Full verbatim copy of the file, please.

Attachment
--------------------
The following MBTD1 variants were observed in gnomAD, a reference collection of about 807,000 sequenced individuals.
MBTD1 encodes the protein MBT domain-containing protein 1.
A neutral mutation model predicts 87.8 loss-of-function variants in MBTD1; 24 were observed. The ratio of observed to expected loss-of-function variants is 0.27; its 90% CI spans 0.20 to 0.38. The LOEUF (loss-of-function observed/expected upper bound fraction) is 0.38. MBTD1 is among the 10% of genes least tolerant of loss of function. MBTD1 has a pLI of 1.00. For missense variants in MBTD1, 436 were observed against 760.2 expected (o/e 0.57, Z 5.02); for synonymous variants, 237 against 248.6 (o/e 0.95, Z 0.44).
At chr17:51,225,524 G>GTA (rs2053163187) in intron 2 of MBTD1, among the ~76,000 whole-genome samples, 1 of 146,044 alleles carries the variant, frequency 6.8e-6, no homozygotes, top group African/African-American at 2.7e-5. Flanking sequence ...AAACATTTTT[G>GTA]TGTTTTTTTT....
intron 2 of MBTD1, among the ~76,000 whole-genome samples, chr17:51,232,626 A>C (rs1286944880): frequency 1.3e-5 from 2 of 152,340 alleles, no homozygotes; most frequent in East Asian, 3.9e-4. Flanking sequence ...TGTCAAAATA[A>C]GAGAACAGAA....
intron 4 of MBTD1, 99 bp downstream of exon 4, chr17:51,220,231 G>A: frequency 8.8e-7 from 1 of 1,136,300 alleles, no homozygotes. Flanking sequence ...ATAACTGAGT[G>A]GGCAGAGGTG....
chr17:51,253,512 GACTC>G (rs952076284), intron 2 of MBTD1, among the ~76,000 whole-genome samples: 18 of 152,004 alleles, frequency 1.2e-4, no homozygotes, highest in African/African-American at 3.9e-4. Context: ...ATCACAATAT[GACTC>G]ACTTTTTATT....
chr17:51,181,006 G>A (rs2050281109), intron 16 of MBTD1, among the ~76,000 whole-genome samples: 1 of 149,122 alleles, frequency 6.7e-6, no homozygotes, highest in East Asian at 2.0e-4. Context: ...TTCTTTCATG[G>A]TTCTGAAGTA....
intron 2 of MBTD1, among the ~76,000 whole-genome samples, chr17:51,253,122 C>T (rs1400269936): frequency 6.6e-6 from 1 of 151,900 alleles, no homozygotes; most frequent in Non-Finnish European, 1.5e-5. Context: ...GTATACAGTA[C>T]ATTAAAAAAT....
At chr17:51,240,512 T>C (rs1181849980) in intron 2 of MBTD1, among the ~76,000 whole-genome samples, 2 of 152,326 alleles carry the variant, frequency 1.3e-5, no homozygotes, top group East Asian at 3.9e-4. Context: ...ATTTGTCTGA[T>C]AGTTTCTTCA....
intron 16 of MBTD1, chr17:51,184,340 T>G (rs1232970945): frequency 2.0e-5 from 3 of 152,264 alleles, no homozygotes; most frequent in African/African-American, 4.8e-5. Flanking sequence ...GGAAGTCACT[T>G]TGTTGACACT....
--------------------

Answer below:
The following MBTD1 variants were observed in gnomAD, a reference collection of about 807,000 sequenced individuals.
MBTD1 encodes the protein MBT domain-containing protein 1.
A neutral mutation model predicts 87.8 loss-of-function variants in MBTD1; 24 were observed. The ratio of observed to expected loss-of-function variants is 0.27; its 90% CI spans 0.20 to 0.38. The LOEUF (loss-of-function observed/expected upper bound fraction) is 0.38. MBTD1 is among the 10% of genes least tolerant of loss of function. MBTD1 has a pLI of 1.00. For missense variants in MBTD1, 436 were observed against 760.2 expected (o/e 0.57, Z 5.02); for synonymous variants, 237 against 248.6 (o/e 0.95, Z 0.44).
At chr17:51,225,524 G>GTA (rs2053163187) in intron 2 of MBTD1, among the ~76,000 whole-genome samples, 1 of 146,044 alleles carries the variant, frequency 6.8e-6, no homozygotes, top group African/African-American at 2.7e-5. Flanking sequence ...AAACATTTTT[G>GTA]TGTTTTTTTT....
intron 2 of MBTD1, among the ~76,000 whole-genome samples, chr17:51,232,626 A>C (rs1286944880): frequency 1.3e-5 from 2 of 152,340 alleles, no homozygotes; most frequent in East Asian, 3.9e-4. Flanking sequence ...TGTCAAAATA[A>C]GAGAACAGAA....
intron 4 of MBTD1, 99 bp downstream of exon 4, chr17:51,220,231 G>A: frequency 8.8e-7 from 1 of 1,136,300 alleles, no homozygotes. Flanking sequence ...ATAACTGAGT[G>A]GGCAGAGGTG....
chr17:51,253,512 GACTC>G (rs952076284), intron 2 of MBTD1, among the ~76,000 whole-genome samples: 18 of 152,004 alleles, frequency 1.2e-4, no homozygotes, highest in African/African-American at 3.9e-4. Context: ...ATCACAATAT[GACTC>G]ACTTTTTATT....
chr17:51,181,006 G>A (rs2050281109), intron 16 of MBTD1, among the ~76,000 whole-genome samples: 1 of 149,122 alleles, frequency 6.7e-6, no homozygotes, highest in East Asian at 2.0e-4. Context: ...TTCTTTCATG[G>A]TTCTGAAGTA....
intron 2 of MBTD1, among the ~76,000 whole-genome samples, chr17:51,253,122 C>T (rs1400269936): frequency 6.6e-6 from 1 of 151,900 alleles, no homozygotes; most frequent in Non-Finnish European, 1.5e-5. Context: ...GTATACAGTA[C>T]ATTAAAAAAT....
At chr17:51,240,512 T>C (rs1181849980) in intron 2 of MBTD1, among the ~76,000 whole-genome samples, 2 of 152,326 alleles carry the variant, frequency 1.3e-5, no homozygotes, top group East Asian at 3.9e-4. Context: ...ATTTGTCTGA[T>C]AGTTTCTTCA....
intron 16 of MBTD1, chr17:51,184,340 T>G (rs1232970945): frequency 2.0e-5 from 3 of 152,264 alleles, no homozygotes; most frequent in African/African-American, 4.8e-5. Flanking sequence ...GGAAGTCACT[T>G]TGTTGACACT....